Hundreds turn out to help beat hunger in Durham CROP walk

mquillin@newsobserver.comMarch 17, 2013 

— A billion people around the world go hungry each year, and Taniesha Williams has sometimes walked in their shoes.

The Durham Tech student walked in their honor Sunday afternoon, trekking 8 kilometers in the 39th annual Durham CROP Hunger Walk to raise money to feed the hungry.

Organizers didn’t know yet whether they had reached their goal of at least 1,000 walkers for the event, which last year raised just over $150,000 – 75 percent of which went to Church World Service to fight hunger around the globe. A fourth of the money – $37,500 last year – stays in Durham. This year, the local funds will go to four agencies that help Durham’s needy.

CROP walks take their name from the Christian Rural Overseas Program, a post-World War II effort to allow Midwest farm families to share their grain with hungry people in Europe and Asia. The first CROP walk to raise money was in 1969.

There are now more than 1,600 CROP Hunger Walks each year, including nearly four dozen in North Carolina.

“The whole idea of people going hungry is deplorable,” said Nell Noonan, who was walking for the first time in Sunday’s event and had drafted her granddaughter, Abby Schoenfeld, to participate as well. Noonan said she had raised about $250 in sponsorships.

Schoenfeld was home from Barnard College on spring break, though clouds and a stiff breeze made it feel more like winter.

The walk began and ended at Duke Chapel, and before they headed out, walkers were serenaded by the Durham Community Concert Band. Durham Bulls mascot Wool E. Bull used an air cannon to fire T-shirts into the crowd, and Durham Mayor Bill Bell said a quick thanks to those who offered their feet so others could eat.

“What I like most about Durham are its people,” Bell said. “Durham is a very caring community.”

To prove it, walkers came out alone, as couples, as families, as church groups and with coworkers, including more than 40 people who work at Syngenta Biotechnology in RTP. Employees and company President Michiel van Lookeren Campagne all wore matching green T-shirts.

Van Lookeren Campagne said this was his third year on the CROP walk, and that he supports the project partly because it meshes with his company’s interest in helping develop more productive crops.

The lengths they’ll go to

Claudine Zimmerman walked with members of her church, St. Joseph AME of Durham, whose youth are accustomed to Zimmerman telling them how good they have it. Zimmerman’s upbeat nature jibes with the CROP walk’s theme, “We walk because they walk,” a reference to the literal lengths to which people in developing countries must go to secure food and safe water.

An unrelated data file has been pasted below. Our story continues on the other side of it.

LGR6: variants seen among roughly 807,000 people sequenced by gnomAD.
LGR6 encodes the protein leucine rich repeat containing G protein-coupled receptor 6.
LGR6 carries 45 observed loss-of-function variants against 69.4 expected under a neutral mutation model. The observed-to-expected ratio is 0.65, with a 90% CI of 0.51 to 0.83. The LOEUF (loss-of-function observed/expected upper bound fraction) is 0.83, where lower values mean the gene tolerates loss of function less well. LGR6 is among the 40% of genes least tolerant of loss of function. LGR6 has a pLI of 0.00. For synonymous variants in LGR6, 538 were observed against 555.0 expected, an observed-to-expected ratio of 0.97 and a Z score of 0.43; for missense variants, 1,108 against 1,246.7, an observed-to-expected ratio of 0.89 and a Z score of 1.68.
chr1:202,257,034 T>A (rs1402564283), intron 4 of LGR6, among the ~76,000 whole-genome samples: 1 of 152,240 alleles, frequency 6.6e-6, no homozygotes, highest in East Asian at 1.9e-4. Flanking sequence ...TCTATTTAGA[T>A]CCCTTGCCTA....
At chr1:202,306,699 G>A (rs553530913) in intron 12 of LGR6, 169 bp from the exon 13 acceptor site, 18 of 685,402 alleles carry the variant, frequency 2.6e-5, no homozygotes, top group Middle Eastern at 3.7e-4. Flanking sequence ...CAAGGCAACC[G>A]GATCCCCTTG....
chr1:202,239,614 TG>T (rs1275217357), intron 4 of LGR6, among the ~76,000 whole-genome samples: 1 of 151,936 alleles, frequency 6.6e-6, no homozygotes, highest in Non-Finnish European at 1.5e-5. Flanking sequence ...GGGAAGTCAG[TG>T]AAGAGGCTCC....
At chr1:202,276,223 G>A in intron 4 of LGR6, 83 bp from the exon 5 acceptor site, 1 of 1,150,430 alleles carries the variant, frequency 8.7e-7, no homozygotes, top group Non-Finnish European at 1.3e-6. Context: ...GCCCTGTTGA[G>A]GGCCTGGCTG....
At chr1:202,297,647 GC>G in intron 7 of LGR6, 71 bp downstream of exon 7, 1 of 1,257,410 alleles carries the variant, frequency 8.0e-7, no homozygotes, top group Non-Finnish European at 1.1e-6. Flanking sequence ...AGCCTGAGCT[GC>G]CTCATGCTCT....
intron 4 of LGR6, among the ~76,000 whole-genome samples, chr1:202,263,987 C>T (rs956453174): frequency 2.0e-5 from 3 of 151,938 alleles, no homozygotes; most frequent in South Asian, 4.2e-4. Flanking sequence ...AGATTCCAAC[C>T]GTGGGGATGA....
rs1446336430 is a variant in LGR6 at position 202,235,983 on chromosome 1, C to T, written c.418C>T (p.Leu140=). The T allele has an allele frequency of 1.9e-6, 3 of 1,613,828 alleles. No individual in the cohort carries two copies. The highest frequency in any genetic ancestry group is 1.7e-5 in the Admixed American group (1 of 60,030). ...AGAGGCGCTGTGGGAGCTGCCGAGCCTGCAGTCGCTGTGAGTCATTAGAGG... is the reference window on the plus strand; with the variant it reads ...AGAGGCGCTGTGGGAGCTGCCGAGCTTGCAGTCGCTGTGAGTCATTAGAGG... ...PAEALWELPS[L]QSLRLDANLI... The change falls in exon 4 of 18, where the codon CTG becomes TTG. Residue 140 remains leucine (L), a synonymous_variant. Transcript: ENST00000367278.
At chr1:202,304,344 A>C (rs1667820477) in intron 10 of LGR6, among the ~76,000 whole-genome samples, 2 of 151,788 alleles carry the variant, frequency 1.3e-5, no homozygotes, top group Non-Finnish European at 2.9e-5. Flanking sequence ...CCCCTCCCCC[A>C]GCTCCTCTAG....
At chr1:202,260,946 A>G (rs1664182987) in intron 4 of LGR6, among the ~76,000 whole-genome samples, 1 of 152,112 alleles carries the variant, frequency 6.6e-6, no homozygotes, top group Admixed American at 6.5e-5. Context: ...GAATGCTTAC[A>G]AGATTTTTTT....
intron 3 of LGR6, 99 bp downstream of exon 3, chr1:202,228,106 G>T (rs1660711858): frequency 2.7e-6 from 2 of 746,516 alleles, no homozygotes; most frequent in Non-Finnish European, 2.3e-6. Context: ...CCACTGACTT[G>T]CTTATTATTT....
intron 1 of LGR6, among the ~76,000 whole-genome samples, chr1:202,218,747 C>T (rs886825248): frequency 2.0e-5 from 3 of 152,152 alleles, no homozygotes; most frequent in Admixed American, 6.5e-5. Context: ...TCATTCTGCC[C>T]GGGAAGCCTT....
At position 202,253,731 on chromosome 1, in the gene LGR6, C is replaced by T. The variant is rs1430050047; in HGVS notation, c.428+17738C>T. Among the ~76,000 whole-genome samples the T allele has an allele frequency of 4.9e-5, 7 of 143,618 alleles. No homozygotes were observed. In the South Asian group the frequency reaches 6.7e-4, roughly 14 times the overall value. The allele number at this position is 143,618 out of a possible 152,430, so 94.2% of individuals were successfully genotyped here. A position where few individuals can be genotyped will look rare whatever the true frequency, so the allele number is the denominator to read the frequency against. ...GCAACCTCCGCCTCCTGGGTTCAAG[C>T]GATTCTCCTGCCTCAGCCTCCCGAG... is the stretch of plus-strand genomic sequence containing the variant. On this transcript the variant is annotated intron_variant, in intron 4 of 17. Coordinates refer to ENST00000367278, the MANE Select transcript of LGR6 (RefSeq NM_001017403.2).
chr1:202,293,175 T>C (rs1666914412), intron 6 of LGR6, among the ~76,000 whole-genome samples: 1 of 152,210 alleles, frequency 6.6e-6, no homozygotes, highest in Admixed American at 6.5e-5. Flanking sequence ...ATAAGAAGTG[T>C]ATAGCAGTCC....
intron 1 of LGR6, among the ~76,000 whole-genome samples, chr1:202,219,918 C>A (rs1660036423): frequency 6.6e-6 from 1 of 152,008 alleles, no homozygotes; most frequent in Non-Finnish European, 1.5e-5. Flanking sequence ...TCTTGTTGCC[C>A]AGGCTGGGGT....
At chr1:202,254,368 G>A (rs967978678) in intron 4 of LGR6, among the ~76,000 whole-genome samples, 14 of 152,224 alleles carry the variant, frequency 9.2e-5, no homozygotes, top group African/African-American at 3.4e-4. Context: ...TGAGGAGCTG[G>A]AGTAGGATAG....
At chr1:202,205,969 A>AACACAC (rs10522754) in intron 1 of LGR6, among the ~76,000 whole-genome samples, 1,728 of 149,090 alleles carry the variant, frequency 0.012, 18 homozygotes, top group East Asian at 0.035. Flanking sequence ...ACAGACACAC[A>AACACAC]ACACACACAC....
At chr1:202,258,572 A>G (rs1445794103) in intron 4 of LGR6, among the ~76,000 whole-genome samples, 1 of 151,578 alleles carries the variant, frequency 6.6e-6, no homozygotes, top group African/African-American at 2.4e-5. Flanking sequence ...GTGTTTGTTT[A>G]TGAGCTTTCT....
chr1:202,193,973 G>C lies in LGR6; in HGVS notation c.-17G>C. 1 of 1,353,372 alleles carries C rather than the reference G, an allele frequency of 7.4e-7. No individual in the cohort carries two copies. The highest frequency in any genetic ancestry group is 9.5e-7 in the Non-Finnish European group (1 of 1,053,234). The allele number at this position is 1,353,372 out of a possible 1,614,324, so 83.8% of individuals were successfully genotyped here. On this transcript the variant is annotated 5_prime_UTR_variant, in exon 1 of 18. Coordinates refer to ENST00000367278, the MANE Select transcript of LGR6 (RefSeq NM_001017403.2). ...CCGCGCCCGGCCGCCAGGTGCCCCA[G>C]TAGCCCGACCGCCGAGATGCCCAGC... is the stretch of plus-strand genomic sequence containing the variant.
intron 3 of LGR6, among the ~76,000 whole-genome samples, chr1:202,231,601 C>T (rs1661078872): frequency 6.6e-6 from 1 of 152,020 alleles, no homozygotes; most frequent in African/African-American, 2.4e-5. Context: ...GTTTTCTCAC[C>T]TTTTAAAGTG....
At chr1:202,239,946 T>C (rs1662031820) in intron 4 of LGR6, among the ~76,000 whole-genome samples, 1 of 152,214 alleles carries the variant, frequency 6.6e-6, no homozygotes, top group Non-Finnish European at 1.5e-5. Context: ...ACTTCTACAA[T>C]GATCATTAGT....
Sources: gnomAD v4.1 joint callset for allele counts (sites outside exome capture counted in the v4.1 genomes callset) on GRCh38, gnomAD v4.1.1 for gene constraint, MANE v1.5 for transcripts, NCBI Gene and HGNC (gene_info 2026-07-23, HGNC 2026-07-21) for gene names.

“I tell our young people all the time, ‘You don’t know how much you have,’ ” Zimmerman said. “This is a chance to do some good for those less fortunate.”

As walkers headed out to circle into the Walltown neighborhood and back, they were handed postcards with the names of people they could imagine they were walking for: Agneza, a 15-year-old who lives with her mother, father and three siblings in a house made of items they pulled from the trash in Belgrade; or Nlyombabazi, a Rwandan boy who lost his parents when he was 13 and is living in refugee camp in Tanzania.

When hunger hits home

Taniesha Williams knows people much closer to home who don’t always know where they’ll get their next meal. Like her, they’re students at Durham Tech.

Growing up, Williams watched family members lose their jobs as one textile plant after another closed in her hometown of Anderson, S.C. She decided early she wouldn’t stay there, where she didn’t think she had a chance of supporting herself.

“I turned 18 and I left,” Williams said, going first to Charlotte and eventually landing in Durham.

Now 29, she is poised to get an associate’s degree in a few months. But getting here has been difficult at times without a family support system close by, she said. In between paychecks from her part-time job, she has sometimes relied on soup kitchens and faith to get by. At times, she’s gone for a day without eating.

So do other Durham Tech students, Williams says. A member of the school’s student government board, she helped launch a food pantry that opened on campus in February. When it’s stocked, students who need help can get enough food for one quick meal, or they can gather groceries to take home.

Asked whether she planned to walk all 8 kilometers, Williams flashed a bright smile and picked up her pace.

Don’t worry, she said.

“I always go all the way.”

Quillin: 919-610-4865

News & Observer is pleased to provide this opportunity to share information, experiences and observations about what's in the news. Some of the comments may be reprinted elsewhere in the site or in the newspaper. We encourage lively, open debate on the issues of the day, and ask that you refrain from profanity, hate speech, personal comments and remarks that are off point. Thank you for taking the time to offer your thoughts.

Commenting FAQs | Terms of Service